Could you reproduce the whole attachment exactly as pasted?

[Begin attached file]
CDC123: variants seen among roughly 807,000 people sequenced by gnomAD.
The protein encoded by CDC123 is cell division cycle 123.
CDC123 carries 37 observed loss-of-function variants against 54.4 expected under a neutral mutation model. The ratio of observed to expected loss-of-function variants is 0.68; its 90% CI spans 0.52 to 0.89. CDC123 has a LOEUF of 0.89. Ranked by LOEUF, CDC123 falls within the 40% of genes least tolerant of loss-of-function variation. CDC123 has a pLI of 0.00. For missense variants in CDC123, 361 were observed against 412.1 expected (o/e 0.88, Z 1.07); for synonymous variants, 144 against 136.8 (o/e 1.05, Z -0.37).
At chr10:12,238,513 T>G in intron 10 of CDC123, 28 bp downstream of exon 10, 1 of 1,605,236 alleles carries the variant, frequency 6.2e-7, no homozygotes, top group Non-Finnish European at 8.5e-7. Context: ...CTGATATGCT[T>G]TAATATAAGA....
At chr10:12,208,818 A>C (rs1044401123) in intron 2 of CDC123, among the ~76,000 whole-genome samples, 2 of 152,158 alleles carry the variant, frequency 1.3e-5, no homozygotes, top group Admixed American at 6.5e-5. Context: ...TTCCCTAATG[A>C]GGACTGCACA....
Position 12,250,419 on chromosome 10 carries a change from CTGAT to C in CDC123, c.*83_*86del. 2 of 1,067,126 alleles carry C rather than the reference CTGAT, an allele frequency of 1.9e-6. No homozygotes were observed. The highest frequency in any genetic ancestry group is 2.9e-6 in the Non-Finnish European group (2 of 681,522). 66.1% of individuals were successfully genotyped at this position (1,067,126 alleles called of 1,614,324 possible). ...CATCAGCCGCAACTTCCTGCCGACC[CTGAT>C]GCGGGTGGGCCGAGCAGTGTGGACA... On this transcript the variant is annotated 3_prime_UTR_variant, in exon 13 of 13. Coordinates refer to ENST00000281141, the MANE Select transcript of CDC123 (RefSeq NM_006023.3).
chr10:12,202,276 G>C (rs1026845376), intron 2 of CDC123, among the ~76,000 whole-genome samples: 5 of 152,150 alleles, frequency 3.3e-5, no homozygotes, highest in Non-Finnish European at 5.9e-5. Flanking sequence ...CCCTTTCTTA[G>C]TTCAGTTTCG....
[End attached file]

CDC123: variants seen among roughly 807,000 people sequenced by gnomAD.
The protein encoded by CDC123 is cell division cycle 123.
CDC123 carries 37 observed loss-of-function variants against 54.4 expected under a neutral mutation model. The ratio of observed to expected loss-of-function variants is 0.68; its 90% CI spans 0.52 to 0.89. CDC123 has a LOEUF of 0.89. Ranked by LOEUF, CDC123 falls within the 40% of genes least tolerant of loss-of-function variation. CDC123 has a pLI of 0.00. For missense variants in CDC123, 361 were observed against 412.1 expected (o/e 0.88, Z 1.07); for synonymous variants, 144 against 136.8 (o/e 1.05, Z -0.37).
At chr10:12,238,513 T>G in intron 10 of CDC123, 28 bp downstream of exon 10, 1 of 1,605,236 alleles carries the variant, frequency 6.2e-7, no homozygotes, top group Non-Finnish European at 8.5e-7. Context: ...CTGATATGCT[T>G]TAATATAAGA....
At chr10:12,208,818 A>C (rs1044401123) in intron 2 of CDC123, among the ~76,000 whole-genome samples, 2 of 152,158 alleles carry the variant, frequency 1.3e-5, no homozygotes, top group Admixed American at 6.5e-5. Context: ...TTCCCTAATG[A>C]GGACTGCACA....
Position 12,250,419 on chromosome 10 carries a change from CTGAT to C in CDC123, c.*83_*86del. 2 of 1,067,126 alleles carry C rather than the reference CTGAT, an allele frequency of 1.9e-6. No homozygotes were observed. The highest frequency in any genetic ancestry group is 2.9e-6 in the Non-Finnish European group (2 of 681,522). 66.1% of individuals were successfully genotyped at this position (1,067,126 alleles called of 1,614,324 possible). ...CATCAGCCGCAACTTCCTGCCGACC[CTGAT>C]GCGGGTGGGCCGAGCAGTGTGGACA... On this transcript the variant is annotated 3_prime_UTR_variant, in exon 13 of 13. Coordinates refer to ENST00000281141, the MANE Select transcript of CDC123 (RefSeq NM_006023.3).
chr10:12,202,276 G>C (rs1026845376), intron 2 of CDC123, among the ~76,000 whole-genome samples: 5 of 152,150 alleles, frequency 3.3e-5, no homozygotes, highest in Non-Finnish European at 5.9e-5. Flanking sequence ...CCCTTTCTTA[G>C]TTCAGTTTCG....